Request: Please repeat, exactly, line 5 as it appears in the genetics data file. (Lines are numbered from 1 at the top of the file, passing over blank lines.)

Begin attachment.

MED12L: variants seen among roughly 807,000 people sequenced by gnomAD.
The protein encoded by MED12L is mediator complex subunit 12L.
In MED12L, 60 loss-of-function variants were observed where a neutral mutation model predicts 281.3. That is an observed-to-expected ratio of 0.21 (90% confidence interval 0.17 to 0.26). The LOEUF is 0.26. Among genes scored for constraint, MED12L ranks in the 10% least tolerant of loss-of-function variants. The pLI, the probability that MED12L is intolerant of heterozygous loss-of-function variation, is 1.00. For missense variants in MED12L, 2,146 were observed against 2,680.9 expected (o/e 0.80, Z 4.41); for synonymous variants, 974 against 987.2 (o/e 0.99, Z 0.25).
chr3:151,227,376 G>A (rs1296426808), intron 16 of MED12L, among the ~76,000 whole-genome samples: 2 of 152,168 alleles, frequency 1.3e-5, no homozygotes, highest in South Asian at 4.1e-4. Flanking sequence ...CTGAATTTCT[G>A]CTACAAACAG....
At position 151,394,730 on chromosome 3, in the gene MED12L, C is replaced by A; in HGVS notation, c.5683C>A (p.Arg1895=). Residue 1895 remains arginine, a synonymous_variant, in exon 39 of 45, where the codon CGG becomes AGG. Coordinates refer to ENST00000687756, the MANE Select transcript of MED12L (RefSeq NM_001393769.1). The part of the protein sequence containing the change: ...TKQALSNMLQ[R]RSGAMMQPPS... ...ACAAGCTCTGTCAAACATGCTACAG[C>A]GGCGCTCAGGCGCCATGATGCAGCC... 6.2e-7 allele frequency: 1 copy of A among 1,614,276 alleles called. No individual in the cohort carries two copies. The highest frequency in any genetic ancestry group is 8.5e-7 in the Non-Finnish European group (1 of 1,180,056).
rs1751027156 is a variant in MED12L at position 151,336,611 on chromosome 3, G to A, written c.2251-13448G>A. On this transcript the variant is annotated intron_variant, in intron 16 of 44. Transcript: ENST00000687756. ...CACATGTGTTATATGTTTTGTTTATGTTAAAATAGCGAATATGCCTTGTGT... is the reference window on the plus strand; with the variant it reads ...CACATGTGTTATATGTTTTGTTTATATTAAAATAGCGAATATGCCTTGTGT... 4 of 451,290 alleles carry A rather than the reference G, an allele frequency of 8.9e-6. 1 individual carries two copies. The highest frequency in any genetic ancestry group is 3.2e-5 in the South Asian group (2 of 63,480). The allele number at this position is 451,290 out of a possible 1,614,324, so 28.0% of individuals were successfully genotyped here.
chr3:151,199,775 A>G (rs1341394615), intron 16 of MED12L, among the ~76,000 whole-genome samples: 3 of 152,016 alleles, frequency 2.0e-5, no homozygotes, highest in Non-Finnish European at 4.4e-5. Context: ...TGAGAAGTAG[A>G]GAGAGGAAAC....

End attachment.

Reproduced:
At position 151,394,730 on chromosome 3, in the gene MED12L, C is replaced by A; in HGVS notation, c.5683C>A (p.Arg1895=). Residue 1895 remains arginine, a synonymous_variant, in exon 39 of 45, where the codon CGG becomes AGG. Coordinates refer to ENST00000687756, the MANE Select transcript of MED12L (RefSeq NM_001393769.1). The part of the protein sequence containing the change: ...TKQALSNMLQ[R]RSGAMMQPPS... ...ACAAGCTCTGTCAAACATGCTACAG[C>A]GGCGCTCAGGCGCCATGATGCAGCC... 6.2e-7 allele frequency: 1 copy of A among 1,614,276 alleles called. No individual in the cohort carries two copies. The highest frequency in any genetic ancestry group is 8.5e-7 in the Non-Finnish European group (1 of 1,180,056).